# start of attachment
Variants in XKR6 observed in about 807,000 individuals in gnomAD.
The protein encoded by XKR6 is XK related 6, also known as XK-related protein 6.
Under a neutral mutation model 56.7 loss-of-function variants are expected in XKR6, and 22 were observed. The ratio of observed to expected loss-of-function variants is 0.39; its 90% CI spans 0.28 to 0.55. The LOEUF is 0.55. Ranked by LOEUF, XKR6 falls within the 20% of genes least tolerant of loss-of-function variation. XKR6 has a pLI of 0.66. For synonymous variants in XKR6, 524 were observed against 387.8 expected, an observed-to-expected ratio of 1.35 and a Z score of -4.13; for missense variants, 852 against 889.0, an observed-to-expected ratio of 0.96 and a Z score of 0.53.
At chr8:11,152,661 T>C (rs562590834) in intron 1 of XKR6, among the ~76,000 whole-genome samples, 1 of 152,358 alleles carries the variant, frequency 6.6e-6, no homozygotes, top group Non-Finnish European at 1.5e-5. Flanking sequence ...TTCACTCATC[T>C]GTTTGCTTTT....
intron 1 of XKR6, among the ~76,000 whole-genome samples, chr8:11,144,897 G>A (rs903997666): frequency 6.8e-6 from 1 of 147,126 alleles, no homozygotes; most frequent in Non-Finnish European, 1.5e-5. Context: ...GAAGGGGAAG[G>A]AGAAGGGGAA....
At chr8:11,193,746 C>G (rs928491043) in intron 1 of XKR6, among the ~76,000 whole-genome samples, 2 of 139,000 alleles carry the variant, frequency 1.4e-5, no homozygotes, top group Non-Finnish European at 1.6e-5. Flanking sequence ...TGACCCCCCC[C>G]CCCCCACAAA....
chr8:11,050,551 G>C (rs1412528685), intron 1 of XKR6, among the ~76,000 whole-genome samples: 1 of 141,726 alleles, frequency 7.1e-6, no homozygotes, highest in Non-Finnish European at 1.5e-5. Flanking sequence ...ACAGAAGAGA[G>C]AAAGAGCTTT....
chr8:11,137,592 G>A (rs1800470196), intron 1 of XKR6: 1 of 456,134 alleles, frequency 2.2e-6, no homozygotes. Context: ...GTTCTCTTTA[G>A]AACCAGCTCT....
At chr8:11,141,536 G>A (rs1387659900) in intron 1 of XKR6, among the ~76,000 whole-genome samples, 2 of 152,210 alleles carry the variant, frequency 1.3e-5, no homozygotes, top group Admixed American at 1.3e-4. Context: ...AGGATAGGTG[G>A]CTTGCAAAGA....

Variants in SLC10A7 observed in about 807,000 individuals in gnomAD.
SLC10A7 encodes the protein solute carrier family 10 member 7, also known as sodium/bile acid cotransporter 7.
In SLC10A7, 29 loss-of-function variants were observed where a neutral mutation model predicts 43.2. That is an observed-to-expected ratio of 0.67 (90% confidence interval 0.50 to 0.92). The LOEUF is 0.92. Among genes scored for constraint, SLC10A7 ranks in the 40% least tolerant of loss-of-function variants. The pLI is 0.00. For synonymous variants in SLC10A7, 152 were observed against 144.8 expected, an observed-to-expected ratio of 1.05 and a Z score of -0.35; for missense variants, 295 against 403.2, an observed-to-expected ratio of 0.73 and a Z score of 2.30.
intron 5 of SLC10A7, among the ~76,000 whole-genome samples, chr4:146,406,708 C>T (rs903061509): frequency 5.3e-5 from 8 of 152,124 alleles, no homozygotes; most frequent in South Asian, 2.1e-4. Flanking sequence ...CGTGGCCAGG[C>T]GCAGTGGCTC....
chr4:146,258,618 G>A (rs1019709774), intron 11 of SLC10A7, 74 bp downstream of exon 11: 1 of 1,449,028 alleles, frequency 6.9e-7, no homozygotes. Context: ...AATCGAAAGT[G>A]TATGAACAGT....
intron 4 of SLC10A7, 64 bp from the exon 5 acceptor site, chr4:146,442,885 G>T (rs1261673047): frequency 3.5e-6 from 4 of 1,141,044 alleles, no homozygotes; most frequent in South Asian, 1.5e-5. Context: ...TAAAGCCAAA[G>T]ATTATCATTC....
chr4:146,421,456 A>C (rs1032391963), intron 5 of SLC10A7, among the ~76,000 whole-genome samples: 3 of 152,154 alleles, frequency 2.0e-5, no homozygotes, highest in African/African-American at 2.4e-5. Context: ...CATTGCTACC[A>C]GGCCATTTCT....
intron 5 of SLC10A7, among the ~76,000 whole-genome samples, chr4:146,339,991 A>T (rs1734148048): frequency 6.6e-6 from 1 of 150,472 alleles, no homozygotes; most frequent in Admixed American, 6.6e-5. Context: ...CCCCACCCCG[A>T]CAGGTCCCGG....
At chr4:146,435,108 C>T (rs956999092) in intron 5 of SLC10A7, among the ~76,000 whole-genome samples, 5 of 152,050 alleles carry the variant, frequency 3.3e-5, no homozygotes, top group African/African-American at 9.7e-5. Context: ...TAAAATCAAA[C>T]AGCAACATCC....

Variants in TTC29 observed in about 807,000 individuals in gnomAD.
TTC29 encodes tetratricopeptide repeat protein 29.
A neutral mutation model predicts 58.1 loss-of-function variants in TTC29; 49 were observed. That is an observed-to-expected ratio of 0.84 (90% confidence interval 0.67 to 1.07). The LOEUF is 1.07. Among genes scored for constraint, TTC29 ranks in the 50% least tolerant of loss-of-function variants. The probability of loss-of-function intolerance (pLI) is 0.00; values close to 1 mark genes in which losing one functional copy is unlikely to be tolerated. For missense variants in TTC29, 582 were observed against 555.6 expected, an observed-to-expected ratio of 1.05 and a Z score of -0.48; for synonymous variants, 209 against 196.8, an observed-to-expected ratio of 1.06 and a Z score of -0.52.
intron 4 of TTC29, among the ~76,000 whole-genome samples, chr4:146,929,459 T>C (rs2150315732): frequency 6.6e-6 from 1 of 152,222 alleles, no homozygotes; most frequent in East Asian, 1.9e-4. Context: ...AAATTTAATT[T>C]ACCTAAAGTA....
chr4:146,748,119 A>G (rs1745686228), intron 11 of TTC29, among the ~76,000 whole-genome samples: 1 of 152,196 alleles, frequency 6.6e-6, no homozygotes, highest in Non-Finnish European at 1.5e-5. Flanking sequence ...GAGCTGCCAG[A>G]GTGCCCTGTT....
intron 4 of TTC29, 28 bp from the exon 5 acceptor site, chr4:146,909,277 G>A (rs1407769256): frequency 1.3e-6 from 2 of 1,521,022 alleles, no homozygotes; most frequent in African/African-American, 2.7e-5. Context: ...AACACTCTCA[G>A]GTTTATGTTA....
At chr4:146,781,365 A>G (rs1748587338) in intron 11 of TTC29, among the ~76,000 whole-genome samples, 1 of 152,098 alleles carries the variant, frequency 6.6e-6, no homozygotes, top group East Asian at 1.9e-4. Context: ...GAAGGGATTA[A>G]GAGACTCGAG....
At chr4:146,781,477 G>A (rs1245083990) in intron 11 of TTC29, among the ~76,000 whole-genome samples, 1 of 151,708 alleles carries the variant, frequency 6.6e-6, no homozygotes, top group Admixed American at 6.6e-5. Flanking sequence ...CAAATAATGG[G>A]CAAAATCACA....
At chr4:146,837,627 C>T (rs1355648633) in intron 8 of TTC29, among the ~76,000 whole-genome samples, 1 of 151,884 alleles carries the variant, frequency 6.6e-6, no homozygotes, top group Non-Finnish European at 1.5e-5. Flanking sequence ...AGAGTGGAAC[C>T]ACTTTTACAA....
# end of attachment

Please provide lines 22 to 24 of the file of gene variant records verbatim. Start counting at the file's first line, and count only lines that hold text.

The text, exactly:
intron 4 of TTC29, among the ~76,000 whole-genome samples, chr4:146,929,459 T>C (rs2150315732): frequency 6.6e-6 from 1 of 152,222 alleles, no homozygotes; most frequent in East Asian, 1.9e-4. Context: ...AAATTTAATT[T>C]ACCTAAAGTA....
chr4:146,748,119 A>G (rs1745686228), intron 11 of TTC29, among the ~76,000 whole-genome samples: 1 of 152,196 alleles, frequency 6.6e-6, no homozygotes, highest in Non-Finnish European at 1.5e-5. Flanking sequence ...GAGCTGCCAG[A>G]GTGCCCTGTT....
intron 4 of TTC29, 28 bp from the exon 5 acceptor site, chr4:146,909,277 G>A (rs1407769256): frequency 1.3e-6 from 2 of 1,521,022 alleles, no homozygotes; most frequent in African/African-American, 2.7e-5. Context: ...AACACTCTCA[G>A]GTTTATGTTA....